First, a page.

Since 1982 I've written a newsletter, Running Commentary. A new issue appears here each week, and material is archived.

Sun, 7 Jun 1998 15:36:21 -0400

Watch It

(from RC 273)

A race doesn't start at the starting line but in the training leading up to it. And the race doesn't end at the finish line but in the recovery period leading away from it.

Getting over a race doesn't take as long as getting ready for it, but recovery time is longer than you might think. It goes on for days to weeks, depending on the distance raced.

Recovery starts when you punch off your time. Pushing your own watch button is your first signal to yourself that running is over for today.

Overhead clocks and ChampionChips haven't made personal stopwatches obsolete. The finish-line clock has already ticked on as you walk through the chute, and your Chip time is yet to appear on a printout. Frozen on your watch is instant and enduring evidence of what you have just done.

I have praised the digital stopwatch as one of the great inventions in running history. It serves as a coach on your wrist, timing training at any hour and in any weather. It allows you to run by time instead of distance. But best of all it faithfully and accurately records race times, both splits and final.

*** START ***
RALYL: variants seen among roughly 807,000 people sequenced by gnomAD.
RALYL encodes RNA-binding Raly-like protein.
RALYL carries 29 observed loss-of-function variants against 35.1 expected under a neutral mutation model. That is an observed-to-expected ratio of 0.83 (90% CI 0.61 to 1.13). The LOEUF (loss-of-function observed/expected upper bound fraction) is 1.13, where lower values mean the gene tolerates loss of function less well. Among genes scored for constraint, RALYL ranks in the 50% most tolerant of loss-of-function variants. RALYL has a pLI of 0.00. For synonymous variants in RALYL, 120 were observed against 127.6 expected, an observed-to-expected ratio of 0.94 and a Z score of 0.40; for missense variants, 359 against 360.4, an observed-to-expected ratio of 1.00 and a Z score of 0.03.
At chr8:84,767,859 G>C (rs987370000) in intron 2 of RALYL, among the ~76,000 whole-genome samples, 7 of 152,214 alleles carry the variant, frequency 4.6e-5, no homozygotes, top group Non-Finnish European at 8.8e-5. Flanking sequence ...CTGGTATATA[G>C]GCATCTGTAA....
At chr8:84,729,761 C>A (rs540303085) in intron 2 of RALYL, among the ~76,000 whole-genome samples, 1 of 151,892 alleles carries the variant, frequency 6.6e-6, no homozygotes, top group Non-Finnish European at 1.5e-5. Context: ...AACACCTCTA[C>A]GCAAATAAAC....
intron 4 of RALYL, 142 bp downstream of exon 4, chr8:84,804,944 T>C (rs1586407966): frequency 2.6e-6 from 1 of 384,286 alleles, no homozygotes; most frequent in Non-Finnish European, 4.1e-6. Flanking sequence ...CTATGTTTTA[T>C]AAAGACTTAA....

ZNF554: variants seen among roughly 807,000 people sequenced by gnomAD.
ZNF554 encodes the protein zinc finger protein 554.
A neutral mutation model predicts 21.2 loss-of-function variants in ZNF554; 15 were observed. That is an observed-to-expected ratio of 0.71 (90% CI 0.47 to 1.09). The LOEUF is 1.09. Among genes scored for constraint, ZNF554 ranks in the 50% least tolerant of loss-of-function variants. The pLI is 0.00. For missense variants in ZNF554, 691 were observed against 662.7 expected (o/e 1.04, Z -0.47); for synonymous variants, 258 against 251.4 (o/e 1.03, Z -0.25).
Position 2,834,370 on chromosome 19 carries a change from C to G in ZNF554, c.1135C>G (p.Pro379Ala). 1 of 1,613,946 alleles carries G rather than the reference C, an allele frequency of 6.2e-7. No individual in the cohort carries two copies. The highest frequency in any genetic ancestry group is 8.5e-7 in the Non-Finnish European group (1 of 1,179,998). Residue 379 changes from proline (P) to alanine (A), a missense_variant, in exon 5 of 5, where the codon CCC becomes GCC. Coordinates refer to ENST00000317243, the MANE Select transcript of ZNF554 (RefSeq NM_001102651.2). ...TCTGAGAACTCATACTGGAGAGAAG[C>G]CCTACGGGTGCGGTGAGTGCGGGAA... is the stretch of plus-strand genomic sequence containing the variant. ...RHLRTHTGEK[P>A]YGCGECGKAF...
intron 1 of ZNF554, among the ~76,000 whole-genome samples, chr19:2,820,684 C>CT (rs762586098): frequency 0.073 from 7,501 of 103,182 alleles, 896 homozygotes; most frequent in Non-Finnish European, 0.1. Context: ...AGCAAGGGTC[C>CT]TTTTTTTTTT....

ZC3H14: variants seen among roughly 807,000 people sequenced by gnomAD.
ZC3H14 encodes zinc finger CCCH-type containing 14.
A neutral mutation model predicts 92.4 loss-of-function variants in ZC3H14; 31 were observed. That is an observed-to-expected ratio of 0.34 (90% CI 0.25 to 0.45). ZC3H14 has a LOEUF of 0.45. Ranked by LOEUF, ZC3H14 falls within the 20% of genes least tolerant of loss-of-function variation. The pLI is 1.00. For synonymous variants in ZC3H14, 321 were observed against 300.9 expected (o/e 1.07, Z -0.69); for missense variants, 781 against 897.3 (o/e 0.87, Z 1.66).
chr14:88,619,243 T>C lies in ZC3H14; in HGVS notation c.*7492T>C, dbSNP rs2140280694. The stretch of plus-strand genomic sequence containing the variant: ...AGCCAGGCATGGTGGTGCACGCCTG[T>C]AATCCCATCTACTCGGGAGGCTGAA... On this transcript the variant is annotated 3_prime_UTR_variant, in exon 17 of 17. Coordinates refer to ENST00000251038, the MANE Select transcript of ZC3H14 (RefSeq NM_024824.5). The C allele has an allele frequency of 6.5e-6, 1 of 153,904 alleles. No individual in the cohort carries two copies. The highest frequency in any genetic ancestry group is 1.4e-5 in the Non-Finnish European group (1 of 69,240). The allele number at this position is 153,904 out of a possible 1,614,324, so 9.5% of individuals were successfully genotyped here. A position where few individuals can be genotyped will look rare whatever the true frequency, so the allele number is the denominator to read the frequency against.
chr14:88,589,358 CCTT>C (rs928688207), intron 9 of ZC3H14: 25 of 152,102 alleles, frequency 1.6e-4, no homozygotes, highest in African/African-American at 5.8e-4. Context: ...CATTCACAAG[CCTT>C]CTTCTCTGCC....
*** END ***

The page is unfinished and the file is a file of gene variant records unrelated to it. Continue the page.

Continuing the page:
After a race you can glance proudly at those numbers on the watch's face -- knowing that each hour, minute, second and fraction is yours alone. The time lingers as a visible reminder of all that you've done.

At the Vancouver Marathon I punched out at the finish, took a quick peek at the time, then moved to more pressing needs. First surrender the Chip to a lovely volunteer who untied shoes for us tight runners, then satisfy thirst and hunger before cleaning up.

Only later did I take time to study the final numbers and the underlying 10-K splits. The cold numbers produced a warm glow that lasted as long as the times stayed on the watch.

If watches like this had been invented when I was still setting PRs (no, we weren't using sundials in those days, but watches still had hands and still went tick-tick), I might have retired the digital instead of erasing the time. The results would have stayed on the watch face until the batteries died.

Trying to make time stand still this way would have been a mistake. It is just as important to erase times eventually as to save them at first.

The Vancouver times stayed on my watch for three days. I checked it often to see if this race had really happened.

On the fourth day, after more than a little hesitation, I held down the button that wiped out those precious, hard-earned numbers and replaced them with a line of zeros. Then I started to run again from there.

Save and savor time for a while, yes, but also pay special attention to the zeroing of the watch. It's time to turn your back on the past and move ahead. Your last race is finally over, and the run-up to a new one begins now.

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